Pilgrim Badge of St George, England, 1400-1500, Lead alloy, © The Trustees of the British Museum.
Reliquary bust of an unknown female saint, probably a companion of St Ursula, South Netherlandish, c. 1520-1530, © The Metropolitan Museum of Art, New York.
Gable-end reliquary, Mosan, Belgium, c.1170, © The Trustees of the British Museum.
Portable Altar, German, 1190-1200, Copper-gilt over a wood core, limestone, painted vellum, rock crystal, walrus ivory, © The Trustees of the British Museum.
Panel of the Triumphant Christ from St Oda Reliquary, Mosan, Belgium, 12th-13th century, © The Walters Art Museum, Baltimore.
The British Museum
Great Russell Street
+44 (0)20 7323 8000
Round Reading Room
Treasures of Heaven:
saints, relic and devotion in medieval Europe
June 23, 2011-October 9, 2011
Treasures of Heaven explores the spiritual and artistic significance of Christian relics and reliquaries in medieval Europe. Featuring some of the finest sacred treasures of the medieval age, The exhibition gives visitors the opportunity to see objects from more than 40 institutions, many of which have not been seen in the UK before, brought together for the first time.
The exhibition draws largely on the pre-eminent collections of the British Museum, the Cleveland Museum of Art, Ohio, and the Walters Art Museum, Baltimore. Rare loans from the Vatican, including from the private chapel of the popes, the Sancta Sanctorum, as well as from lesser-known European church treasuries are also on display. A variety of objects such as manuscripts, prints and pilgrim badges will be exhibited alongside the relics and reliquaries themselves, adding depth and context to the exhibition’s examination of this critical aspect of European history.
The exhibition traces the development of reliquaries from simple containers housing human remains to objects of enormous ritual importance and artistic significance. While the majority of objects date from between 1000-1500 AD, some of the earliest pieces include a late Roman sarcophagus dating from 250-350 AD. Sacred items related to Christ or the saints were first used during the early medieval period as a focus for prayer and veneration by Christians throughout Europe. Relics were usually human body parts, or material items sanctified through their contact with holy persons or places. This exhibition features a very broad range of the kinds of relics which were venerated, including three thorns thought to be from the Crown of Thorns, the breast milk of the Virgin Mary, and the Mandylion of Edessa; one of the earliest known likenesses of Jesus.
The beauty of a reliquary was intended to reflect the spiritual value of what it contained, and so reliquaries were made of the highest quality, often crafted in precious metals by skilled goldsmiths. Exceptional examples include the arresting 12th century bust reliquary of St Baudime from St Nectaire in the Auvergne, which once contained a vial of the saint’s blood and is shown for the first time in Britain. Equally magnificent is the British Museum’s bejewelled Holy Thorn reliquary (1390-97) that still retains its sacred relic taken from the Crown of Thorns, set amid an enamelled representation of the Last Judgement.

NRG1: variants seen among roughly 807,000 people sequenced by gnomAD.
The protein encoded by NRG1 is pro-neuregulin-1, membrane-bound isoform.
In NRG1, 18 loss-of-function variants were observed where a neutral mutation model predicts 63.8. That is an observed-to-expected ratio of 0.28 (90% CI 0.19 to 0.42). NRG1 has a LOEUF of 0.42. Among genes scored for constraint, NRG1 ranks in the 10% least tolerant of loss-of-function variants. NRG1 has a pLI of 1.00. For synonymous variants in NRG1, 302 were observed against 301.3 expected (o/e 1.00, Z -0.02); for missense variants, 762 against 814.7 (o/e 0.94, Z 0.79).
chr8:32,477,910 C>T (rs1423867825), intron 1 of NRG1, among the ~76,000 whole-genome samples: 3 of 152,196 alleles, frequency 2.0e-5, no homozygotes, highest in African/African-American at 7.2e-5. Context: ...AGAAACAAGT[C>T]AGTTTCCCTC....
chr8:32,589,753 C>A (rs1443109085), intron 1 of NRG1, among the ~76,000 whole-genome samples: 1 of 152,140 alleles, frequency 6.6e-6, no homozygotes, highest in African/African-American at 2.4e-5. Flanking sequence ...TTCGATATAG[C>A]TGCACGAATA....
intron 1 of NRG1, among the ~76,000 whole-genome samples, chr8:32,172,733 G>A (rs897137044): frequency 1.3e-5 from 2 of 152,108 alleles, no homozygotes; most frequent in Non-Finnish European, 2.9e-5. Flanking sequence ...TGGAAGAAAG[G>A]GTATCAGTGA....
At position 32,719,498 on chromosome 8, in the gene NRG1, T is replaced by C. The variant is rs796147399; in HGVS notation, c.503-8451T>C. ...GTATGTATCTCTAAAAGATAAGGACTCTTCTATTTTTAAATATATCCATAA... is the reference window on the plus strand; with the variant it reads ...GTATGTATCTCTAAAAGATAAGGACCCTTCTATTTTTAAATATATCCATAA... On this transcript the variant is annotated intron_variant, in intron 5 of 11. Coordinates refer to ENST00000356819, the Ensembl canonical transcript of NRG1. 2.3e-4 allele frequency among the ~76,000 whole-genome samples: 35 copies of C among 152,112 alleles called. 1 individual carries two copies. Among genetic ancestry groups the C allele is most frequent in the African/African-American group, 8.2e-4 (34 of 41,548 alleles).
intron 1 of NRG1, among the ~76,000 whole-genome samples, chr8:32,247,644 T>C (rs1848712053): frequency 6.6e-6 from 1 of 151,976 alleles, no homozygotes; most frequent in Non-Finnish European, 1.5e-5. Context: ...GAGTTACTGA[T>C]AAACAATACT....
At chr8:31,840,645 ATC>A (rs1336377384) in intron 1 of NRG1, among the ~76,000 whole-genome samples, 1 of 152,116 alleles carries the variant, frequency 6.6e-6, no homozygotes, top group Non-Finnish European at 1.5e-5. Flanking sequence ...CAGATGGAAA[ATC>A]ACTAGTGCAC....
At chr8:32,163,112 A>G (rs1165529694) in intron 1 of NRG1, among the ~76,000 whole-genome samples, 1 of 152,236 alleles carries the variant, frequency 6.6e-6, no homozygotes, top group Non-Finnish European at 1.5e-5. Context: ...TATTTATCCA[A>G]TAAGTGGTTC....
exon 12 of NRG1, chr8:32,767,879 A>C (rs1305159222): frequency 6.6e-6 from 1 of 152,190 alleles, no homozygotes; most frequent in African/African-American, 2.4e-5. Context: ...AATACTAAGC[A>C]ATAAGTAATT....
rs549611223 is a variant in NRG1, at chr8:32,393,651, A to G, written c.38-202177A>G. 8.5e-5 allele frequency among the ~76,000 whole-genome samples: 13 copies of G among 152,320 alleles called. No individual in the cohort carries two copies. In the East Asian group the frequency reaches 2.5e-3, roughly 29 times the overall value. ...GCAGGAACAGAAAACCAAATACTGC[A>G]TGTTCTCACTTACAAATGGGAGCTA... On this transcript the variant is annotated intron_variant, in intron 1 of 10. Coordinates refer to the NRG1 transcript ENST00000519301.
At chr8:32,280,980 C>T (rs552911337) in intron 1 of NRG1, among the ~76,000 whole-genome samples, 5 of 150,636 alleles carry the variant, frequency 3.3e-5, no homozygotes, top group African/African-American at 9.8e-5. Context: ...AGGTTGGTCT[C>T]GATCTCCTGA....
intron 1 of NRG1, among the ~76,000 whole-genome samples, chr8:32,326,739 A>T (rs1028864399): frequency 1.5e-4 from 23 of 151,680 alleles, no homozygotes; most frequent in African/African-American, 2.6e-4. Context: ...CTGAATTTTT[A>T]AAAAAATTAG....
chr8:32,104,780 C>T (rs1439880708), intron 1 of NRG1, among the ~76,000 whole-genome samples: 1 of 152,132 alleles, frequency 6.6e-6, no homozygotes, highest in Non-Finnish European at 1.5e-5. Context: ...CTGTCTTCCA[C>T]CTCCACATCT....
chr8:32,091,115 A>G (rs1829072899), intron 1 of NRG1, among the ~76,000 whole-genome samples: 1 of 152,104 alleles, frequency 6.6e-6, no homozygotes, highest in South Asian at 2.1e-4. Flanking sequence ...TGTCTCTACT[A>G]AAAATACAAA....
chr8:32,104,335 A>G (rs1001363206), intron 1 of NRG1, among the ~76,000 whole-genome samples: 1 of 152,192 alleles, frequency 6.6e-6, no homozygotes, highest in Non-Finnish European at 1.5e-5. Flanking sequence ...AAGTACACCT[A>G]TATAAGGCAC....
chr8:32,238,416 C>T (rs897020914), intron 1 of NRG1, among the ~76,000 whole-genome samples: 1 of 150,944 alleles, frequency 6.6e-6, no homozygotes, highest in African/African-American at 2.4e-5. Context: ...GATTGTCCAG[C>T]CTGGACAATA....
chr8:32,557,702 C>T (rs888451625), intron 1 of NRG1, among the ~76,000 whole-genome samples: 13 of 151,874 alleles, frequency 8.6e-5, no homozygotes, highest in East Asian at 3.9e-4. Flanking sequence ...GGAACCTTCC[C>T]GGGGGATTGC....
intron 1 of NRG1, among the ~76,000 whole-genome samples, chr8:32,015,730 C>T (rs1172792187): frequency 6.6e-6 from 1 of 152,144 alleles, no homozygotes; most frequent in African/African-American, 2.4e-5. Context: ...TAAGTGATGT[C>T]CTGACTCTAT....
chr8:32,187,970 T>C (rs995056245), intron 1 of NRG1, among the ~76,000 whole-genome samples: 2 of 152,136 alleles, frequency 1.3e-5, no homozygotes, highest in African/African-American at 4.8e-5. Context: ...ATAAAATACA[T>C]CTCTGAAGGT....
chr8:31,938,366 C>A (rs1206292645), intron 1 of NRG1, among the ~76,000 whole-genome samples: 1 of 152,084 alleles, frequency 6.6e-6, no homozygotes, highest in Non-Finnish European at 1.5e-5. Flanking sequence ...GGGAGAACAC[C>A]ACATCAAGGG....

During the medieval period relics and reliquaries were used in a variety of different ways, both to bolster dynastic prestige and as small-scale personal symbols kept or worn in reverence to the power of the saints. In medieval Europe the political and the religious were indivisibly linked and relics were often used to serve a purpose far beyond that of private devotion; a city’s importance could be measured by the number or significance of relics held there. This is exemplified by one of the exhibition’s prize pieces, the splendid arm reliquary of St George, which has been housed in the Treasury of St Mark’s in Venice since the Sack of Constantinople during the Fourth Crusade in 1204.
Treasures of Heaven looks closely at both public and private forms of relic veneration, focusing on different ways reliquaries were used and the impact this had on their design. The objects on display range from small portable reliquaries in the form of jewellery, such as a pendant reliquary housing a single holy thorn, to large containers opulently adorned with gems, silver and gold.
The exhibition also considers the role that saints’ relics and shrines played at the centre of major sites of Christian pilgrimage throughout Europe during the medieval period. Particular attention is paid to two British saints and the cults associated with them at Durham (St Cuthbert) and Canterbury (St Thomas Becket). The lavish house-shaped shrine of St Amandus from the Walters Art Museum serves as a valuable indication of the scale and appearance of a typical saint’s shrine.
The exhibiti closes by examining anti-relic movements associated with the northern European reformation of the 16th century. It also alludes to the continuing practice of relic veneration today, exploring the spiritual relevance of relic veneration in contemporary Christian worship.
Treasures of Heaven was organised with Walters Art Museum, Baltimore and Cleveland Museum of Art.
Sponsored by John Studzinski, in association with William and Judith Bollinger, Singapore, Betsy and Jack Ryan, Howard and Roberta Ahmanson and The Hintze Family Charitable Foundation.
Reliquary statue for the umbilical cord of Christ, Paris, 1407.
Arm Reliquary of the Apostles, German, c.1190, © The Cleveland Museum of Art.
Holy thorn reliquary, Paris, France, About 130-97, Gold, enamel, rock crystal, pearls, rubies, sapphires, © The Trustees of the British Museum.